The politics of estranged Thackeray cousins

Published: 27 January, 2020 18:30 IST | Dharmendra Jore | Mumbai

Raj revives the MNS-Sena battle, this time over Hindutva that has become relevant yet again, in the times of religious divide over CAA-NRC which should also put Uddhav’s saffron DNA to test

While Raj Thackeray faced political doom, Uddhav Thackeray worked his way up by sustained ups and downs
While Raj Thackeray faced political doom, Uddhav Thackeray worked his way up by sustained ups and downs


Raj revives the MNS-Sena battle, this time over Hindutva that has become relevant yet again, in the times of religious divide over CAA-NRC which should also put Uddhav's saffron DNA to test.

Comparison with Bal Thackeray hasn't stopped because Raj continues to follow the mannerism of the leader with whom he spent several years, honing his leadership qualities as well as oratory and cartooning skills. And yet, the crowd-puller hasn't been able to impress the voters. The flashes of brilliance he showed in the initial phase of Maharashtra Navnirman Sena's politics didn't turn into a fireball. He attempted a revival on the birth anniversary of late Bal Thackeray last week. He exploited his uncle's hardline Hindutva that is politically relevant in the times of religious divide over CAA-NCR, and Uddhav's liberal formula of the Maha Vikas Aghadi (MVA).

While Raj faced political doom, Uddhav worked his way up by sustained ups and downs. The CM kept the Sena floating all along and three months back, he threw the burden of BJP away to join hands with the Congress and the NCP. His father had made two CMs in his lifetime. Uddhav made himself the chief minister last year and gave a stunning start to the next generation by having the elder son Aaditya anointed as his political heir. Raj also launched his son Amit last week, drawing the battle lines for the future.

Uddhav Thackeray

Why has Raj failed great expectations and needed a makeover? People blame his failure on a policy flip-flop, reactionary moves and a lack of long-time programmes for the party workers and leaders, most of whom abandoned him in the past 14 years. Raj has indeed worked for the party but with alarming inconsistency. He took strong positions but also made U-turns without rationalising. Change is constant, but it should be justified with a convincing rationale. The people support you if they are convinced with a new course of action and approach. For example, the MVA government turned out to be a stunner for the voters who had clearly favoured the BJP-Sena combine. The NCP and Congress, which are now Sena's partners, weren't given a mandate to make the government. So, the coalition spends a lot of time and energy in justifying the 'unholy' pact because it knows that the longer they serve the stronger they would become to contest the next elections together.  Ideologically apart but united in keeping the BJP away, the Sena is MVA's mainstay. Uddhav is accused of being selfish in abandoning Hindutva for making friends out of foes.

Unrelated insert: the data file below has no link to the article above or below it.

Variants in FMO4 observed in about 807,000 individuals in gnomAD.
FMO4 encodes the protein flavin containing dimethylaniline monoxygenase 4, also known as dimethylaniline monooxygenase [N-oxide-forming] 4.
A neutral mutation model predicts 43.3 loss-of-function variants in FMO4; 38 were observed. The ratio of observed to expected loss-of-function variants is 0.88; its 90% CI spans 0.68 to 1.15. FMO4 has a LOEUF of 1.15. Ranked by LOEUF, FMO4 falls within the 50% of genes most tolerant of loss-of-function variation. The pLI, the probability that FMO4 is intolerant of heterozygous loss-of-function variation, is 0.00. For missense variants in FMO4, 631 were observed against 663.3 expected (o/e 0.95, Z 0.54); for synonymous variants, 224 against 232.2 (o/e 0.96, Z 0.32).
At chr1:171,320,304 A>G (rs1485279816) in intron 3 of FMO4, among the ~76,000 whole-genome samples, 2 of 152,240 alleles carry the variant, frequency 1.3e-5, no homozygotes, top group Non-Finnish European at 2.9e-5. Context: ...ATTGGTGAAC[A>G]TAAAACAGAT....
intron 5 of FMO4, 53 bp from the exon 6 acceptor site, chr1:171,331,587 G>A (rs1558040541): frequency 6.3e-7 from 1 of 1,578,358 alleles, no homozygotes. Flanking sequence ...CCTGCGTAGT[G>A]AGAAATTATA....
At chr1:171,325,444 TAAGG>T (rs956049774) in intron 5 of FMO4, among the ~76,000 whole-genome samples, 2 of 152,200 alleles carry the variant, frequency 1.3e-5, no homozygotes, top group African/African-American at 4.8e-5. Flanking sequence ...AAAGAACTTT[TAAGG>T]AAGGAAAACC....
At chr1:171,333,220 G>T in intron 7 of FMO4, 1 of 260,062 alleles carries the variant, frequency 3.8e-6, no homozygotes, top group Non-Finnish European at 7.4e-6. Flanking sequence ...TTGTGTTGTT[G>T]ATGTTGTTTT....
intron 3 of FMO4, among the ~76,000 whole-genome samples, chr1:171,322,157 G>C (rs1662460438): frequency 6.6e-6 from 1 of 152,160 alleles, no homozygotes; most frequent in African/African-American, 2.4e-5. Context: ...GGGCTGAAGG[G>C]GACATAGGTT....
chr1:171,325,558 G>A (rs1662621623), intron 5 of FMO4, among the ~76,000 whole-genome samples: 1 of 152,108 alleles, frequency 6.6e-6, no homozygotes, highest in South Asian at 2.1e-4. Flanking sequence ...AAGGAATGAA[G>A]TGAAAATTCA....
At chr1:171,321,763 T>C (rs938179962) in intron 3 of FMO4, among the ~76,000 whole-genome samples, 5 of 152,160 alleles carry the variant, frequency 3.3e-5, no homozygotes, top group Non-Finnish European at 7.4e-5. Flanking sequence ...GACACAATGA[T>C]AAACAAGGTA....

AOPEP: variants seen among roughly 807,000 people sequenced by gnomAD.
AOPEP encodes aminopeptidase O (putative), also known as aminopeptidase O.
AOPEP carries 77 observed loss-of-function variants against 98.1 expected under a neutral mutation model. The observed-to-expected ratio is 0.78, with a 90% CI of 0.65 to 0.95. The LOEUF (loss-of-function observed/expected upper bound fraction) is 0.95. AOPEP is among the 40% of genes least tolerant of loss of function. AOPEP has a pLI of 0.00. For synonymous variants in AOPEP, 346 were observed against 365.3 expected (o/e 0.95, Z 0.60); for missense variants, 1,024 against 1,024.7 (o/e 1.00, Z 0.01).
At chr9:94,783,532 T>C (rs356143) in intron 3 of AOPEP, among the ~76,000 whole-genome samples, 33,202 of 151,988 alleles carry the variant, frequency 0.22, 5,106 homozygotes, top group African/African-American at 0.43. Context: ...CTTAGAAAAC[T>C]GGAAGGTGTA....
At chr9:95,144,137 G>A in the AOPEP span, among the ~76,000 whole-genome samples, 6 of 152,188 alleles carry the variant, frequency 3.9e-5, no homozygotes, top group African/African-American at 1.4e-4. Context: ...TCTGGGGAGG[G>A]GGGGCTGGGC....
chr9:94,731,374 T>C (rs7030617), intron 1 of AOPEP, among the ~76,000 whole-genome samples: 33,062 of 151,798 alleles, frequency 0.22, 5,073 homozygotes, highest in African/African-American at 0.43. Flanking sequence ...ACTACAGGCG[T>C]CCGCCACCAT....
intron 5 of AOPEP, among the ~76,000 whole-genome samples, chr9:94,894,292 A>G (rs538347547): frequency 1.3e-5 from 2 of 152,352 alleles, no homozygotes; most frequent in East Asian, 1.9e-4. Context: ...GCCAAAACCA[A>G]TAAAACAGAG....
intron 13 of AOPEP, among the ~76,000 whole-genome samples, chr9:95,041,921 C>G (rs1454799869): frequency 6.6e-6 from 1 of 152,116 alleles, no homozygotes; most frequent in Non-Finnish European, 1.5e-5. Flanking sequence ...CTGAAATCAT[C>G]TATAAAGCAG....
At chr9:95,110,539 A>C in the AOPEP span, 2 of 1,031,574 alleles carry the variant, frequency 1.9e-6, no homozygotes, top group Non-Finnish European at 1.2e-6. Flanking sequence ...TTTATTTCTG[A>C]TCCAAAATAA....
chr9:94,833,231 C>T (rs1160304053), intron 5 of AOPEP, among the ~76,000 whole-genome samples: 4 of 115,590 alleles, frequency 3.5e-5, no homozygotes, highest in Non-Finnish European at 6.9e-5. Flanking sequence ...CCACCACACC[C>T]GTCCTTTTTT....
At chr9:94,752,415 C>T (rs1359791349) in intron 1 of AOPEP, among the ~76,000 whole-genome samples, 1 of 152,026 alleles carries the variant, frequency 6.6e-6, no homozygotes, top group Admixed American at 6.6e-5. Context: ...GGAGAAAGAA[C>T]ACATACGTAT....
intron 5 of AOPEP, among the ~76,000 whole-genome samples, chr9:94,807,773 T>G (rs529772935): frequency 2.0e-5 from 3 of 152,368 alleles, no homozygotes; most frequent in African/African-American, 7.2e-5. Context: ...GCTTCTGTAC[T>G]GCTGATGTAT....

Raj, who has shed weary skin against the backdrop of MVA's formation, is out to fill the saffron vacuum. He has blamed the mistakes of the past on his advisers. He said the drastic change in the party flag, ultimately embracing hardcore Hindutva, was his primitive instinct that he couldn't imply because of bad advice. When he spoke, he reminded of Bal Thackeray's communal hardline while promising to be the next Hinduhridaysamrat. He supported the BJP-led NDA government's citizenship law. A flummoxed liberal section, which had showered Raj with high praise when he lashed out at the Modi-Shah duo while campaigning independently for the Congress in the Lok Sabha election, has now drawn their swords against the MNS president. MNS's long march next month in support of the CAA should also amplify the BJP voice and put Sena under pressure to take a firm stand when the Congress and NCP demand to table a resolution that the state would not implement the amended Citizenship Act. The issue is expected to heat up in the Budget session of the legislature in February-March.

On the evening his estranged cousin threatened to score better in the Hindutva examination, Uddhav couldn't respond comprehensively but he underlined unfailingly that he hasn't abandoned Hindutva. He also recalled a bad memory of the Sena splitting at the hands of his family member, warning the workers about yet another attempt to woo them. If we consider previous battles between them, Uddhav has enjoyed an upper hand in the elections that matter most in democracy. Raj hasn't turned out to be a champion of electoral politics because he benefitted others more than his own party. This time also the political circles aren't sure what Raj would gain and are more interested in guessing the benefits his saffron pitch should bring others.

Dharmendra Jore is political editor, mid-day. He tweets @dharmendrajore
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